The “ubiquitous” interactive medium and the radically innovative art form: Videogames: Design/Play/D

What comes to your mind when you think of videogames?

If you are a so-called ‘hardcore gamer’ or a game enthusiast, games are intellectually challenging and aesthetically pleasing, but more importantly they are to be enjoyed. On the other hand, if you are an art lover who is at the Victoria & Albert to explore its collections of Islamic art for instance, they might stand for the unworthy hours and money spent by people who have nothing better to do in their lives. For both parties, however, the sight of an exhibition on videogames in this major London museum may raise some queries.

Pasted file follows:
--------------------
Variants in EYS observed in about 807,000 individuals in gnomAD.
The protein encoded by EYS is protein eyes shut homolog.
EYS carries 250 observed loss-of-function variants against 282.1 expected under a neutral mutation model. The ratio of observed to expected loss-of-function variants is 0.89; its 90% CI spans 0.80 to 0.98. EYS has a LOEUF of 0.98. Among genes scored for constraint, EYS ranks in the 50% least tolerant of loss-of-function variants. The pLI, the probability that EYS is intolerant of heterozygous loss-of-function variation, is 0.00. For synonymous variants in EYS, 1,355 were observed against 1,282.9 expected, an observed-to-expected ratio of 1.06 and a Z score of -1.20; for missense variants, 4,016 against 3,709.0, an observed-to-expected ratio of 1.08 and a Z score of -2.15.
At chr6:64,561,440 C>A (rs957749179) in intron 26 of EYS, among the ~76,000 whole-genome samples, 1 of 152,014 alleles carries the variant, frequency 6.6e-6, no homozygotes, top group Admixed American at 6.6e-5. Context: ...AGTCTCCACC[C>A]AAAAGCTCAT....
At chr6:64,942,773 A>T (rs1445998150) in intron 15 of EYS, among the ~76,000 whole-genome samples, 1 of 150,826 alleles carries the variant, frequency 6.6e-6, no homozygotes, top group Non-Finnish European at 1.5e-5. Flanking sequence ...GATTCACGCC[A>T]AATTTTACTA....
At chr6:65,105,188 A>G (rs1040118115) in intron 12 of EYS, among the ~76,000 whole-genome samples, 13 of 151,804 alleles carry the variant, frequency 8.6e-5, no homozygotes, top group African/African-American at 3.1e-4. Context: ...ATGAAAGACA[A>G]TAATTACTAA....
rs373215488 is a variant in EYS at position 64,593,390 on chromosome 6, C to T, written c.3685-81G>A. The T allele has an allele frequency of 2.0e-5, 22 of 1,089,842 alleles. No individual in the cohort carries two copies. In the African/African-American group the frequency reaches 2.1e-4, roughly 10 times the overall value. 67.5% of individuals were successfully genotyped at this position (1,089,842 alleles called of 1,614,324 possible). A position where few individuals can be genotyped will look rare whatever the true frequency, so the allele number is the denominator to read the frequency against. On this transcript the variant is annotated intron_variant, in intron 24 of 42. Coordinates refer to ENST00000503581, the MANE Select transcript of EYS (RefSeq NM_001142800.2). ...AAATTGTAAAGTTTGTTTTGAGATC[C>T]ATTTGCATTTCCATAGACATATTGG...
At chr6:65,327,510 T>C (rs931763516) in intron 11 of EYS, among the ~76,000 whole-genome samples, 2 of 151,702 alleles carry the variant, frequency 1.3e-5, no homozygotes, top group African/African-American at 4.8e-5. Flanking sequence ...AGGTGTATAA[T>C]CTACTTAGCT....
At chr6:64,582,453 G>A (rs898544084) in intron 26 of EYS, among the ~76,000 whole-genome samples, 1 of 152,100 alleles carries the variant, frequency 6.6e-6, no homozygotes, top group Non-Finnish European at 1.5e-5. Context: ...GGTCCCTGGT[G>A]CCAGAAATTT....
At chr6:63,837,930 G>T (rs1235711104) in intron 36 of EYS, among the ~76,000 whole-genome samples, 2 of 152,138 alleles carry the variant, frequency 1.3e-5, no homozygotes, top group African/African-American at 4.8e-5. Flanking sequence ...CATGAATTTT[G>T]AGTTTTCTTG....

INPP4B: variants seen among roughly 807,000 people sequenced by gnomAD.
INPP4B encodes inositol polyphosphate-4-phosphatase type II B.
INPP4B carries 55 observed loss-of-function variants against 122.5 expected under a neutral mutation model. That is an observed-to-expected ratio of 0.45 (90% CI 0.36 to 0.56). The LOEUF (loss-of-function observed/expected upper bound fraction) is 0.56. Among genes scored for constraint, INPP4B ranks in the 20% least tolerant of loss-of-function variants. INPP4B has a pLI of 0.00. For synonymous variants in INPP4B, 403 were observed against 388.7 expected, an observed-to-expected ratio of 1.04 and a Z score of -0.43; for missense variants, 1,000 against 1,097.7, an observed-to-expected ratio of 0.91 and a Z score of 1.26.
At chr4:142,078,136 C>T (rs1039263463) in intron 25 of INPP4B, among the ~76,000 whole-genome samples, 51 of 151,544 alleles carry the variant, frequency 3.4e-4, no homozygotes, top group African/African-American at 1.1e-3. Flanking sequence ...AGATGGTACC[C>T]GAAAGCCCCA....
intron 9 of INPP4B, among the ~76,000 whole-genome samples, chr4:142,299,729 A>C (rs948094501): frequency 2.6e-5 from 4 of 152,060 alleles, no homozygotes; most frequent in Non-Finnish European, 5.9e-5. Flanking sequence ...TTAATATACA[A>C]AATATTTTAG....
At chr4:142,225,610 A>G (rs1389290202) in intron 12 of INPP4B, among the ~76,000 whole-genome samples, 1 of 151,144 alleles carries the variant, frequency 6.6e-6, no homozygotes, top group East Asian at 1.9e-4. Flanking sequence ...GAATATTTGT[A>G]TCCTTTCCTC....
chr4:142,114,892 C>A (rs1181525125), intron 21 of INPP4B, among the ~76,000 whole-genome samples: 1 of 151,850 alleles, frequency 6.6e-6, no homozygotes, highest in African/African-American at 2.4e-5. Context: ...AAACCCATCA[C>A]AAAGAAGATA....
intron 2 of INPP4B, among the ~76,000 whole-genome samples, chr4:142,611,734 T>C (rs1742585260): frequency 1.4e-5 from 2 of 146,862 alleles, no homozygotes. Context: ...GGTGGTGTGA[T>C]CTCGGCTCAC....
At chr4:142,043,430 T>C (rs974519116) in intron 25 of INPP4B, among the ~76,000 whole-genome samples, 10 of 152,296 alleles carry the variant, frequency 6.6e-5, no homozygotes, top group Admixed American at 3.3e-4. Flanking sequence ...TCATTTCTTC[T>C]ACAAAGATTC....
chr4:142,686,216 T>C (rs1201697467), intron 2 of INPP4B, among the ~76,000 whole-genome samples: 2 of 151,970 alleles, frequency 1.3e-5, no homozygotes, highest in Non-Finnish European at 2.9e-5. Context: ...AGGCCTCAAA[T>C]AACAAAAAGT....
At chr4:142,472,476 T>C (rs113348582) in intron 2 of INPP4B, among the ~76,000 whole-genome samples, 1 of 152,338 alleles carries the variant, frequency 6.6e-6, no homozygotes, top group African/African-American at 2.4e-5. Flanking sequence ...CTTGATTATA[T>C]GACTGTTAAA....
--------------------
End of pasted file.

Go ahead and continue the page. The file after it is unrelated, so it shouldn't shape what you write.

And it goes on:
It is certainly exciting to see videogames being more widely discussed as a cultural phenomenon and as a genre in the contemporary design industry. It is, however, implausible to say that Videogames: Design/Play/Disrupt is a successful attempt to counter the discriminative view that considers videogames no more than a childish and frivolous pastime.

The exhibition’s curators, Marie Foulston and Kristian Volsing, consider these issues in terms of the design process of videogames and the provocative concepts which they convey.